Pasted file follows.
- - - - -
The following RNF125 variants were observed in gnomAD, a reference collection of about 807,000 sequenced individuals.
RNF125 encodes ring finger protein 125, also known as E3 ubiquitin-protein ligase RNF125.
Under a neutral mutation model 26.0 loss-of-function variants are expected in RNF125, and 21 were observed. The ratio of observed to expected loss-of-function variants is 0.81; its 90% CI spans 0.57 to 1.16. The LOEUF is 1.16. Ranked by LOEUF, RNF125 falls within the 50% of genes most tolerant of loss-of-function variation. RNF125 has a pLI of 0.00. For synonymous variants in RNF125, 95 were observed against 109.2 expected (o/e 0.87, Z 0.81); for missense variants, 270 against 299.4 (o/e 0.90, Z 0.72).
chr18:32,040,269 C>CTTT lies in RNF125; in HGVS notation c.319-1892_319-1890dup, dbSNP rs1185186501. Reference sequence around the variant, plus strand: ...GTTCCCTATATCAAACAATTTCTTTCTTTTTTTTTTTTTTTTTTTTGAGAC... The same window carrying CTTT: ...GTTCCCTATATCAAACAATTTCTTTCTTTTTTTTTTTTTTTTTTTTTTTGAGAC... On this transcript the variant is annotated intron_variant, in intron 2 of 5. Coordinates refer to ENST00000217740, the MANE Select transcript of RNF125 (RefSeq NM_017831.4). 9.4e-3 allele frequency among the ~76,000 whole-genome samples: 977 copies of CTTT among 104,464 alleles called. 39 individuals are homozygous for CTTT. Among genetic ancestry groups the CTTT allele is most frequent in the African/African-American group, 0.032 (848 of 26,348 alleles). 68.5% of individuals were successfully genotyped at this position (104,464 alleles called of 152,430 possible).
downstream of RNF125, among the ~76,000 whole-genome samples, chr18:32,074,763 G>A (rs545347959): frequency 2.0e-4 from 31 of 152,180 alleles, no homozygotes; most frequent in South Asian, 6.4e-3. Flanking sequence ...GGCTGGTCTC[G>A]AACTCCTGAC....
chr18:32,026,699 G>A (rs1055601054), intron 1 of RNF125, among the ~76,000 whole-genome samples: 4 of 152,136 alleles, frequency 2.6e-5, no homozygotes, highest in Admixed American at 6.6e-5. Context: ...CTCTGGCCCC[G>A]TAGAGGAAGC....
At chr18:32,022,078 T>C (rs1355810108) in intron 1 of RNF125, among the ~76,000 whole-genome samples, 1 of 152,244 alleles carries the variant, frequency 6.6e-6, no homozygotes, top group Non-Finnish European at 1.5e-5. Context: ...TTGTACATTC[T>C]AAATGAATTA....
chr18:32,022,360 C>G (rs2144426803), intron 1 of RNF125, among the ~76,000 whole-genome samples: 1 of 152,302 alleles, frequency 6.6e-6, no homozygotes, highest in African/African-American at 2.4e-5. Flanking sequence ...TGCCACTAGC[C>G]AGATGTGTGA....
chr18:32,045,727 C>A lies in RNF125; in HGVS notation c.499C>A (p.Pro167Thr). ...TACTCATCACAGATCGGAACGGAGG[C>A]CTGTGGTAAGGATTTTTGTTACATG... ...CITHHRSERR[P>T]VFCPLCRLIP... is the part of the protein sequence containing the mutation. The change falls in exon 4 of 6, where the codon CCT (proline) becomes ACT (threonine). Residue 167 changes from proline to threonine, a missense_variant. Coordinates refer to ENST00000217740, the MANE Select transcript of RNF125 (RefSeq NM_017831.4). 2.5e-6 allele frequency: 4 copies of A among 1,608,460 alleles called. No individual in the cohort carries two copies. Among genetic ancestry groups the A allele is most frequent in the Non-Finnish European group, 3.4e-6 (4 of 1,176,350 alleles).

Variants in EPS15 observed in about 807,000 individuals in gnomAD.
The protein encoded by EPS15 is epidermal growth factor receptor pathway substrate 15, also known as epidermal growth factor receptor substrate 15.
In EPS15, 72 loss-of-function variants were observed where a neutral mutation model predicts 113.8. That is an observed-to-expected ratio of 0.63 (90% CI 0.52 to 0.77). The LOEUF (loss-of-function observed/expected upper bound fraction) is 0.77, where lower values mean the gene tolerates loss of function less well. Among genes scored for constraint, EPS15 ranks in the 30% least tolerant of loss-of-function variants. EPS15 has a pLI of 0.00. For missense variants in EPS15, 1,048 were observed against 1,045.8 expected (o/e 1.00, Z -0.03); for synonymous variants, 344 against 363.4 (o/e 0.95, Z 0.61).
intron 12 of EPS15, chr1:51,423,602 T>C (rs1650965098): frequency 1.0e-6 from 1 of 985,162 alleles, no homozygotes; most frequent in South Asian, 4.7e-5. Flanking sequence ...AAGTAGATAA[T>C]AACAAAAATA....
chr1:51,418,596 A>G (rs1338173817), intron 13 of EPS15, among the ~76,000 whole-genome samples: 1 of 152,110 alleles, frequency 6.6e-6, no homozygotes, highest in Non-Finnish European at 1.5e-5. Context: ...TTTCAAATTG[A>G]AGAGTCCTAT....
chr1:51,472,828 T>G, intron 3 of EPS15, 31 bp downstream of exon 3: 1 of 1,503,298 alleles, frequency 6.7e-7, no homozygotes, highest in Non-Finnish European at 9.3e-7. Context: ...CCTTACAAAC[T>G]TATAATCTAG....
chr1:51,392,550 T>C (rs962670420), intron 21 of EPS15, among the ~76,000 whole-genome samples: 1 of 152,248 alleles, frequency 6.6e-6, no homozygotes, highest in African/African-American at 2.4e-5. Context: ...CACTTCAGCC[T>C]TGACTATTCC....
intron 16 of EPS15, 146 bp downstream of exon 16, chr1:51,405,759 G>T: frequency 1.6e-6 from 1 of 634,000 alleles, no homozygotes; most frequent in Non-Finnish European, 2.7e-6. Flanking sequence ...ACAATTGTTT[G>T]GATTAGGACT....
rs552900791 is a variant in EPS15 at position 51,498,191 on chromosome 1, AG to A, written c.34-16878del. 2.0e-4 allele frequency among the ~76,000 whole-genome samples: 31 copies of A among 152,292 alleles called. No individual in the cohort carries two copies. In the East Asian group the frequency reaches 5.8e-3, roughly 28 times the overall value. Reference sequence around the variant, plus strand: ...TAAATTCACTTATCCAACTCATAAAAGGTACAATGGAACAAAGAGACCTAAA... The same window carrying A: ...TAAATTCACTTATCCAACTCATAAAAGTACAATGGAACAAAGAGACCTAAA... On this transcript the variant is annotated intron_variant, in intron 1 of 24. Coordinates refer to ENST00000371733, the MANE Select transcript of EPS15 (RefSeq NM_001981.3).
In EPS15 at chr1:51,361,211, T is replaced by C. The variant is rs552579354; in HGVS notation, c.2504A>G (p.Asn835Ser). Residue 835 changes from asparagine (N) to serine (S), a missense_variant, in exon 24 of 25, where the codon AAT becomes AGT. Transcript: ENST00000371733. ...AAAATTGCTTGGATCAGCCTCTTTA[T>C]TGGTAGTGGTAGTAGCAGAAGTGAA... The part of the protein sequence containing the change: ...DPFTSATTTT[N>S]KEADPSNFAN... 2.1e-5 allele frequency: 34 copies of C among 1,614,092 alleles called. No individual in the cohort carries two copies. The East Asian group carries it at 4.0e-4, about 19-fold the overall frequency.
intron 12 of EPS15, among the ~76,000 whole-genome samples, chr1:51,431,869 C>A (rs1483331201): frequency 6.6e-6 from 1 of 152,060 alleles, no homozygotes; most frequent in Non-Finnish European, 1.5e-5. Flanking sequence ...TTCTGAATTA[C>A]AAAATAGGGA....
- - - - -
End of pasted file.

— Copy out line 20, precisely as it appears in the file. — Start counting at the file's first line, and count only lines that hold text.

intron 12 of EPS15, among the ~76,000 whole-genome samples, chr1:51,431,869 C>A (rs1483331201): frequency 6.6e-6 from 1 of 152,060 alleles, no homozygotes; most frequent in Non-Finnish European, 1.5e-5. Flanking sequence ...TTCTGAATTA[C>A]AAAATAGGGA....